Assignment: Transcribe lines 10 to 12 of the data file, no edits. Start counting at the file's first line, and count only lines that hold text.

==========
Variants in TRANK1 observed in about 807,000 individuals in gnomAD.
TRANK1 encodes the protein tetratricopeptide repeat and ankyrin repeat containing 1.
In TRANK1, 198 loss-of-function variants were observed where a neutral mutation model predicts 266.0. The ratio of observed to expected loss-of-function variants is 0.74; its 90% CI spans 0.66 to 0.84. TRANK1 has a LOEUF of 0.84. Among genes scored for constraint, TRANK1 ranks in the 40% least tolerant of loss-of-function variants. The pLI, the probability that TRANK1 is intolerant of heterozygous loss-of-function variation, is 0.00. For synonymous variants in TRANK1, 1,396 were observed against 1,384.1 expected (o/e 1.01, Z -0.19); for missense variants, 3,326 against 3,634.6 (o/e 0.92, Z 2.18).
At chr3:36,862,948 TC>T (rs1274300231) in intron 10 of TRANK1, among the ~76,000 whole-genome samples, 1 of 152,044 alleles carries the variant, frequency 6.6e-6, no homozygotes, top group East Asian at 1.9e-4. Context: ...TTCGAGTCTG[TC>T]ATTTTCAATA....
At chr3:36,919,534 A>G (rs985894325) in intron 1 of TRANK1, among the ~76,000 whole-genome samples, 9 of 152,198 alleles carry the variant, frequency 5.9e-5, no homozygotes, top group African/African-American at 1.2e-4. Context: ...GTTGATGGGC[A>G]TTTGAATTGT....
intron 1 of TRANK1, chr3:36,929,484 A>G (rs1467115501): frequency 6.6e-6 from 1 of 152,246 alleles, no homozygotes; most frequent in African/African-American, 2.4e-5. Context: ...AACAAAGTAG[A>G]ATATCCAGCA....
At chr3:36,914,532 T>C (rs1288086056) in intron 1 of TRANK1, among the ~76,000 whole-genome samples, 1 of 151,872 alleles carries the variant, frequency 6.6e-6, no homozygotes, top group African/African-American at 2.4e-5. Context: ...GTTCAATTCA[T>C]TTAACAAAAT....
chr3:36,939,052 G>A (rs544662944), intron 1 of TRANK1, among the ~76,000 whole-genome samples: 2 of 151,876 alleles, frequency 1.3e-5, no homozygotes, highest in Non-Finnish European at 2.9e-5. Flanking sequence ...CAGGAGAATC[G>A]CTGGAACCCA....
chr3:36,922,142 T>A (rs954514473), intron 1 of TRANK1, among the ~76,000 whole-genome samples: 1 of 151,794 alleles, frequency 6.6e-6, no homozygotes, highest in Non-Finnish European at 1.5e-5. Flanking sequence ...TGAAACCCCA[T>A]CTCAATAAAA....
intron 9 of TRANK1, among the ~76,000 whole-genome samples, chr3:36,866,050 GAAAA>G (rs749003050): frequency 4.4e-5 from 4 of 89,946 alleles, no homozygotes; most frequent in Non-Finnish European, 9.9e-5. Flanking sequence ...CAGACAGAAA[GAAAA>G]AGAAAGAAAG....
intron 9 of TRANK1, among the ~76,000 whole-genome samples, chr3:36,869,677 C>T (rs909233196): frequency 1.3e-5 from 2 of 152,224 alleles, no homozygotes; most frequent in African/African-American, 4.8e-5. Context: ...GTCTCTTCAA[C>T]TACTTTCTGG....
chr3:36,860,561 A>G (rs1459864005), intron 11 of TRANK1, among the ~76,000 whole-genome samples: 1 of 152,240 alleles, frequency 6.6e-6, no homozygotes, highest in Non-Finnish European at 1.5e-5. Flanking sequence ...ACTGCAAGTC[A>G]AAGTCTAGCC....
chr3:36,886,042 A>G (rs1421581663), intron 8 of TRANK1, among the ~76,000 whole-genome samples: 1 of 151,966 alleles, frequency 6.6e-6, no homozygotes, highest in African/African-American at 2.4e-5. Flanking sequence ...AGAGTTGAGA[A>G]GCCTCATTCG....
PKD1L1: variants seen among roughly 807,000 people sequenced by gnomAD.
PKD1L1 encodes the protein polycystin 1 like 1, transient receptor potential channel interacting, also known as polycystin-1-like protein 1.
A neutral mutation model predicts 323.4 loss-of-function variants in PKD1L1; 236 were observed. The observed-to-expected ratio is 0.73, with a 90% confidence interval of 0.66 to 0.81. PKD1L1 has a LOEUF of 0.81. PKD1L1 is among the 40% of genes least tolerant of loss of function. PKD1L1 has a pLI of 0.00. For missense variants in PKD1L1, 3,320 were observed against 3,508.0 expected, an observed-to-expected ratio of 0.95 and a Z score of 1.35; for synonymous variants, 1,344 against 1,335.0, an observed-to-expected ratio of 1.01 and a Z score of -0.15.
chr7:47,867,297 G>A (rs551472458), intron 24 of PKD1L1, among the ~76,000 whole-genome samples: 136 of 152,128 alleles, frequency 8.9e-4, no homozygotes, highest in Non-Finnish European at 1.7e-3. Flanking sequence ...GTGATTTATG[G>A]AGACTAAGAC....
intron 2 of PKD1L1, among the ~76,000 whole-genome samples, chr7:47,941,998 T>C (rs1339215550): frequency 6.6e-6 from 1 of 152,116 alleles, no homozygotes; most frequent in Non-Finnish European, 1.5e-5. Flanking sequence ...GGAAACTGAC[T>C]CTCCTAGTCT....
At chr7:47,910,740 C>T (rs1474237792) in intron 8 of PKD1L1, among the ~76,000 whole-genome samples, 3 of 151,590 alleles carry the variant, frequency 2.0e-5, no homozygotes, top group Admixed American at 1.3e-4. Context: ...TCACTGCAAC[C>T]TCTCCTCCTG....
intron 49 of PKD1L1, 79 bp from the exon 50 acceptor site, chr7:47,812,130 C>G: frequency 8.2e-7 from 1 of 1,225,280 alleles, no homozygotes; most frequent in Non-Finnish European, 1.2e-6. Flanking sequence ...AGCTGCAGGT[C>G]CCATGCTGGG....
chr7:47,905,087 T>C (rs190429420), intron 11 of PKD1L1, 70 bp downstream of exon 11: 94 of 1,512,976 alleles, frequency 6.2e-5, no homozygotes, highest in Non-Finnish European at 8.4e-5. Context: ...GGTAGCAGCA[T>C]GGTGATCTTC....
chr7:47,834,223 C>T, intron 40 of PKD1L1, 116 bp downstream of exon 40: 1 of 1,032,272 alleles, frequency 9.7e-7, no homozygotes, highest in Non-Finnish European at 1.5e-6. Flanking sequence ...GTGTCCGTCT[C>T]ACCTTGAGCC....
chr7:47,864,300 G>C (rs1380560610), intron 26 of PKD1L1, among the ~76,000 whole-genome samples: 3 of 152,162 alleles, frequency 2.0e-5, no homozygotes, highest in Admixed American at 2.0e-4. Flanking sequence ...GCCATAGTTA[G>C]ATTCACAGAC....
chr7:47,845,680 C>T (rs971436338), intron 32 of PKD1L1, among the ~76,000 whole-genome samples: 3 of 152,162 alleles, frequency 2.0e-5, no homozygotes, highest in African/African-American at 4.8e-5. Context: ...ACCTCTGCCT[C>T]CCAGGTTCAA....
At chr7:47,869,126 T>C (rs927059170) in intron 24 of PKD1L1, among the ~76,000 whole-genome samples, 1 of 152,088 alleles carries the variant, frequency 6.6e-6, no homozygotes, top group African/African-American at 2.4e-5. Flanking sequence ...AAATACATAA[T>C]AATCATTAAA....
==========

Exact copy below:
intron 9 of TRANK1, among the ~76,000 whole-genome samples, chr3:36,866,050 GAAAA>G (rs749003050): frequency 4.4e-5 from 4 of 89,946 alleles, no homozygotes; most frequent in Non-Finnish European, 9.9e-5. Flanking sequence ...CAGACAGAAA[GAAAA>G]AGAAAGAAAG....
intron 9 of TRANK1, among the ~76,000 whole-genome samples, chr3:36,869,677 C>T (rs909233196): frequency 1.3e-5 from 2 of 152,224 alleles, no homozygotes; most frequent in African/African-American, 4.8e-5. Context: ...GTCTCTTCAA[C>T]TACTTTCTGG....
chr3:36,860,561 A>G (rs1459864005), intron 11 of TRANK1, among the ~76,000 whole-genome samples: 1 of 152,240 alleles, frequency 6.6e-6, no homozygotes, highest in Non-Finnish European at 1.5e-5. Flanking sequence ...ACTGCAAGTC[A>G]AAGTCTAGCC....